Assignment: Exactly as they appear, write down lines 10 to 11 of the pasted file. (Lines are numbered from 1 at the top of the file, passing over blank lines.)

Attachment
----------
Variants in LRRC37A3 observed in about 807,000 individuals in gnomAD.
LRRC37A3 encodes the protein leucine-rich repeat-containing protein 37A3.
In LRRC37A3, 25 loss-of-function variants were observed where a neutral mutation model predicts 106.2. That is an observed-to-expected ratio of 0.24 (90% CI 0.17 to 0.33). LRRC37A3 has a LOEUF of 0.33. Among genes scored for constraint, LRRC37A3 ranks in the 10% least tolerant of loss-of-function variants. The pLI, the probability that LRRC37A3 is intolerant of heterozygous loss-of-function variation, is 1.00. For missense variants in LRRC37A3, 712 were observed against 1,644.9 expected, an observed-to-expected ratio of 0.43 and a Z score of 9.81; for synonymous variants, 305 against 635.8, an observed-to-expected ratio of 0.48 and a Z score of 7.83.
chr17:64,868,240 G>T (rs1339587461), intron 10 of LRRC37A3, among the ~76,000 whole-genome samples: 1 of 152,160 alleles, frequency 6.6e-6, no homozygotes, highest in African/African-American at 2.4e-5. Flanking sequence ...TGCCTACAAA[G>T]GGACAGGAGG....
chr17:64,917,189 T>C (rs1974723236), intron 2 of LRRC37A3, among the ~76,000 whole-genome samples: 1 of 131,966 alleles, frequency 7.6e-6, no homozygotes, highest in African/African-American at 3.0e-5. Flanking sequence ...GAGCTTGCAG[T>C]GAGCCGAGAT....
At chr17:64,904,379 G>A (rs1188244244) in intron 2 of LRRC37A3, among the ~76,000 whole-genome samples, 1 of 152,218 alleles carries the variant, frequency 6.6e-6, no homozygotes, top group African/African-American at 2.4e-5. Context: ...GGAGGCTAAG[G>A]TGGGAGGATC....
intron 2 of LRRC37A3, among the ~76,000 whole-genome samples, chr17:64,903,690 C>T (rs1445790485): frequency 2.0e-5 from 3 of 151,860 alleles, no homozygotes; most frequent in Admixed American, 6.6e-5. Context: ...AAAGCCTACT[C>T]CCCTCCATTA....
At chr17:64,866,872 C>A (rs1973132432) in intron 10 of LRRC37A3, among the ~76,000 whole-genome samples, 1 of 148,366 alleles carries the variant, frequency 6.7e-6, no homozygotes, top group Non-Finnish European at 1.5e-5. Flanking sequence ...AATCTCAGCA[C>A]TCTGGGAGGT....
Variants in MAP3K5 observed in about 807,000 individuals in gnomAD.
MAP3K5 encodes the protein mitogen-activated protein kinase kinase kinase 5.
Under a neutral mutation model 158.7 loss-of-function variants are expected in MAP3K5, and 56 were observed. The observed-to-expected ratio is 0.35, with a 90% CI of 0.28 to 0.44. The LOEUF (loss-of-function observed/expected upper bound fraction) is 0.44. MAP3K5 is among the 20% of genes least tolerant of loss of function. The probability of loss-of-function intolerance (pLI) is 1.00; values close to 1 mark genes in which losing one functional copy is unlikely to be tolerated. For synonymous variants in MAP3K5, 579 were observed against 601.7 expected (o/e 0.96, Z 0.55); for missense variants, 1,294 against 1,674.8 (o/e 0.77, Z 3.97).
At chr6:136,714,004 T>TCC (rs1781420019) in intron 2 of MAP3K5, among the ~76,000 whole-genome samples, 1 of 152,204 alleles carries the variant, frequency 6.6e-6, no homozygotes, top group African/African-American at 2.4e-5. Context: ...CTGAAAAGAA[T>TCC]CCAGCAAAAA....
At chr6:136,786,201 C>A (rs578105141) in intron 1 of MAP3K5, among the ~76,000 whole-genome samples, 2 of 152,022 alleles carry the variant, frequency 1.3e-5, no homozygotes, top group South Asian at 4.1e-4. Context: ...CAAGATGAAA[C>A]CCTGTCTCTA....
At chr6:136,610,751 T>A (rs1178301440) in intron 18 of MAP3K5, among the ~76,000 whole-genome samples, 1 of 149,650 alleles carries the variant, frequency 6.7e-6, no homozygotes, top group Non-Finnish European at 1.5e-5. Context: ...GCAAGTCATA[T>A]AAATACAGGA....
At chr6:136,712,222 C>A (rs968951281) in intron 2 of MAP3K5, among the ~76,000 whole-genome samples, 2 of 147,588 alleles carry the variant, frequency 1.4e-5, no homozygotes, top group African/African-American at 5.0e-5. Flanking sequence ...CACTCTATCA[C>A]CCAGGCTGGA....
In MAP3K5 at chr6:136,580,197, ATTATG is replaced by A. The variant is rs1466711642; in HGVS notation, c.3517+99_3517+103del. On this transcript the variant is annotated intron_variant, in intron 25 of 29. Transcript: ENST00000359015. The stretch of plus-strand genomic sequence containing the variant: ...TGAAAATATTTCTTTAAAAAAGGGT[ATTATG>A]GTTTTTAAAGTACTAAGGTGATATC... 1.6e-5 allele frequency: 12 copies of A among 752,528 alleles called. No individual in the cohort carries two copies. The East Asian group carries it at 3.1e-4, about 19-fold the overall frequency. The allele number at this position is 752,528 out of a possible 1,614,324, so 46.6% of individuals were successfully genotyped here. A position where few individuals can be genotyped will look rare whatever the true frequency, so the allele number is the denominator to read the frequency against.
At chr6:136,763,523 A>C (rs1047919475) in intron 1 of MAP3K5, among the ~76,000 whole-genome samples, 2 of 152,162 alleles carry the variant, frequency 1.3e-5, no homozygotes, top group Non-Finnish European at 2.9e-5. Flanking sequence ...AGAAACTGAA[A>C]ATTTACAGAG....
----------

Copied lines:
MAP3K5 encodes the protein mitogen-activated protein kinase kinase kinase 5.
Under a neutral mutation model 158.7 loss-of-function variants are expected in MAP3K5, and 56 were observed. The observed-to-expected ratio is 0.35, with a 90% CI of 0.28 to 0.44. The LOEUF (loss-of-function observed/expected upper bound fraction) is 0.44. MAP3K5 is among the 20% of genes least tolerant of loss of function. The probability of loss-of-function intolerance (pLI) is 1.00; values close to 1 mark genes in which losing one functional copy is unlikely to be tolerated. For synonymous variants in MAP3K5, 579 were observed against 601.7 expected (o/e 0.96, Z 0.55); for missense variants, 1,294 against 1,674.8 (o/e 0.77, Z 3.97).